'I've never liked my body, and I never will' – Emma Thompson talks misogyny and self-image as a woman in her 60s

Emma Thompson speaks candidly to woman&home about breaking down unrealistic body standards in her latest film, Good Luck to You, Leo Grande

Emma Thompson: 'I've never liked my body, and I never will'
(Image credit: Getty)

If there's one message that Emma Thompson hopes viewers take home from her new film, Good Luck to You, Leo Grande, it's that women are allowed to love their bodies – even if she doesn't love hers. 

Emma Thompson has called women's relentless self-criticism a "waste of our time", urging for a total reset of our attitudes to the female form. 

The Oscar-winner's strong words come off the back of her latest film, Good Luck to You, Leo Grande, in which she plays Nancy Stokes, a woman in her mid-50s who hires a sex worker to help her fulfill a simple mission – to have an orgasm for the first time in her life. 

The British sex-positive drama, written by Katy Brand and directed by Sophie Hyde, also sees Emma take on a new challenge of her own – her first full-frontal nude scene. The experience has undoubtedly been challenging for the 63-year-old, who, despite being widely regarded as one of the most successful UK actors of all time, admits to woman&home that she has "never liked my body." 

As her character Nancy's meetings with the charismatic and engaging Leo (Daryl McCormack) unfold inside a luxurious hotel suite, the retired schoolteacher too finds herself battling a chronic disdain for her physical reflection. What ensues is 90 minutes of intimate conversations about everything from poor body image to the stigma of female pleasure – two issues that Emma, unfortunately, knows all too well, both on and off the screen. 

Good Luck to You, Leo Grande

Leo Grande (Daryl McCormack) and Nancy Stokes (Emma Thompson) in Good Luck to You, Leo Grande

(Image credit: Louise Jackson/Nick Hall )

In an exclusive interview with woman&home, Emma, speaks candidly about this deep-rooted culture of shame around women's bodies – and why she thinks Good Luck to You, Leo Grande could be a force in finally splintering its monolithic bedrock. 

"It's not even internalized, the body hatred that women feel," she says. "[In] the conversations I've had with women, they will say, 'I do actually actively hate my body.'" 

Emma also acknowledges that she shares this discomfort in her own skin, admitting that, like Nancy, she has always suffered from poor body image.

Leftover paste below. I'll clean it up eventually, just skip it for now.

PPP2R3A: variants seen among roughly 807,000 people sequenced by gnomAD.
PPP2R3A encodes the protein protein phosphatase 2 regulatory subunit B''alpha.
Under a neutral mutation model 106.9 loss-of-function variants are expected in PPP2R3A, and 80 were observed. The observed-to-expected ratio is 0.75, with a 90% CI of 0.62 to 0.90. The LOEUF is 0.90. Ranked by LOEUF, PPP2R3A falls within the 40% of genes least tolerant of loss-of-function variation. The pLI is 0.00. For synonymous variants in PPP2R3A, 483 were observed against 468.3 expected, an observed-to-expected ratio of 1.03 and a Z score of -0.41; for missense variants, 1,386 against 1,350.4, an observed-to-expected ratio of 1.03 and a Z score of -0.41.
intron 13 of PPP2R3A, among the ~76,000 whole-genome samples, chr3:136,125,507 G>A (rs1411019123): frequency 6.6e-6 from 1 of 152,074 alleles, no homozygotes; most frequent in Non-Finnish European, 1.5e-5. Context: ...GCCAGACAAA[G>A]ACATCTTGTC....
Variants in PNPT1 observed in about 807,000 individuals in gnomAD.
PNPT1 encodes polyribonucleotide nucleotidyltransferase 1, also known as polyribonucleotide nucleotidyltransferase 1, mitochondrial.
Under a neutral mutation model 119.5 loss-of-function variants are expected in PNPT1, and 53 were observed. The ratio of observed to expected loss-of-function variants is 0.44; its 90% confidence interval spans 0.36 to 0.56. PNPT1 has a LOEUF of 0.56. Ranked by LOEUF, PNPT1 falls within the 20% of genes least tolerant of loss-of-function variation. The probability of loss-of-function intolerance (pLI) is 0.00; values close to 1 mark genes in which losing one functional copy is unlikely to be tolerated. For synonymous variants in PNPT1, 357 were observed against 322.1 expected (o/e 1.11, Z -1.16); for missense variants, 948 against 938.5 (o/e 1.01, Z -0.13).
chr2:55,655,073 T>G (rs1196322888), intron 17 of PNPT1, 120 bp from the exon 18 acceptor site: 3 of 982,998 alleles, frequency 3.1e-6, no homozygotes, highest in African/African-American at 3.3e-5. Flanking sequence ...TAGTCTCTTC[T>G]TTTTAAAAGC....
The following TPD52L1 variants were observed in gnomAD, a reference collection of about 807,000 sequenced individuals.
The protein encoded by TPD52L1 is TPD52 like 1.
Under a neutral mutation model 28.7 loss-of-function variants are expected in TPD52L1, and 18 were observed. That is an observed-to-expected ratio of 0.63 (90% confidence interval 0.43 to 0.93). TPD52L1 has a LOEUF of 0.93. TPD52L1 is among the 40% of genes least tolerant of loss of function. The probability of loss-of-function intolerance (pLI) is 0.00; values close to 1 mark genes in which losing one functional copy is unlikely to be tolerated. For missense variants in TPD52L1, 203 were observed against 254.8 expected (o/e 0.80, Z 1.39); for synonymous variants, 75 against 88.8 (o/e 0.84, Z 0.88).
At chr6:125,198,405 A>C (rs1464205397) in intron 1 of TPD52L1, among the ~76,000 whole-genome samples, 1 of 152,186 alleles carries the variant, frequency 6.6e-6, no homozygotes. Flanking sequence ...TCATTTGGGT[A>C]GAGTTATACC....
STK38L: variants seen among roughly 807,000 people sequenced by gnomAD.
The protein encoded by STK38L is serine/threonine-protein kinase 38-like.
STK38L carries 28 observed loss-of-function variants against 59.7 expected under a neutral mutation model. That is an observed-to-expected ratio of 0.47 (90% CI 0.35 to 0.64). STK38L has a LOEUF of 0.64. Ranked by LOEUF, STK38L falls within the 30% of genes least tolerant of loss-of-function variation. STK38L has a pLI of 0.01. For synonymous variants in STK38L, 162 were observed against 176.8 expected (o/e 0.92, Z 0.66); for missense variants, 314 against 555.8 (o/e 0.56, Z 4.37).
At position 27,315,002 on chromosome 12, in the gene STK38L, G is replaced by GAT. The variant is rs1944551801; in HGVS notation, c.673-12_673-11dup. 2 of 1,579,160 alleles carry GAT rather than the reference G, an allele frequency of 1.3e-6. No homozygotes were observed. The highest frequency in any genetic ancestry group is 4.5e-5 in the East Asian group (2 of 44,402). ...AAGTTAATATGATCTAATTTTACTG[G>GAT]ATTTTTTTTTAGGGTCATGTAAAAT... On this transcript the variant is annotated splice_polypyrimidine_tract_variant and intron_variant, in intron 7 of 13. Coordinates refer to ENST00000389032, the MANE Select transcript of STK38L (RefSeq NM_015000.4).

"I have never liked my body. Ever," she says. "And I never will, those pathways are so deeply carved in my brain." 

Good Luck to You, Leo Grande

(Image credit: Louise Jackson/Nick Hall)

Despite this, Emma hopes that Good Look to You, Leo Grande can offer a palate cleanser to the sugared editions of the female body that have dominated TV and film for far too long. Its final scene, which sees Nancy examining her naked self in the mirror without judgment, is a jarring reminder of how rarely the 'untreated' woman appears on screen – and a refreshing vision into an alternative reality in which women are free to just be. 

"It's [the film] a new neural pathway that you could go down," Emma says. "You could get into it and go, ‘Oh, I could look at my body like that. I could inhabit it like that. I could feel joy in this place about which I am so vile, so hateful, so judgemental.'" 

Emma goes on to denounce this self-talk for what it is – a dysfunctional but normalized behavior that only serves to further disempower women in our already patriarchal world. The louder it gets, the quieter we become, and the closer to the corners of society we are shoved. To Emma, this vitriolic nitpicking isn't just a benign side effect of being a woman – it's a total attack on our value as individuals. 

"What is wrong with us?" she demands. "What a waste of our time. What a waste of our energy, our passion, our curiosity, our humanity, in this misogyny." 

Good Luck to You, Leo Grande hits UK cinemas on 17 June 2022. 

Emma Dooney
Lifestyle News Writer

Hailing from the lovely city of Dublin, Emma mainly covers the Royal Family and the entertainment world, as well as the occasional health and wellness feature. Always up for a good conversation, she has a passion for interviewing everyone from A-list celebrities to the local GP - or just about anyone who will chat to her, really.

Emma holds an MA in International Journalism from City, University of London, and a BA in English Literature from Trinity College Dublin.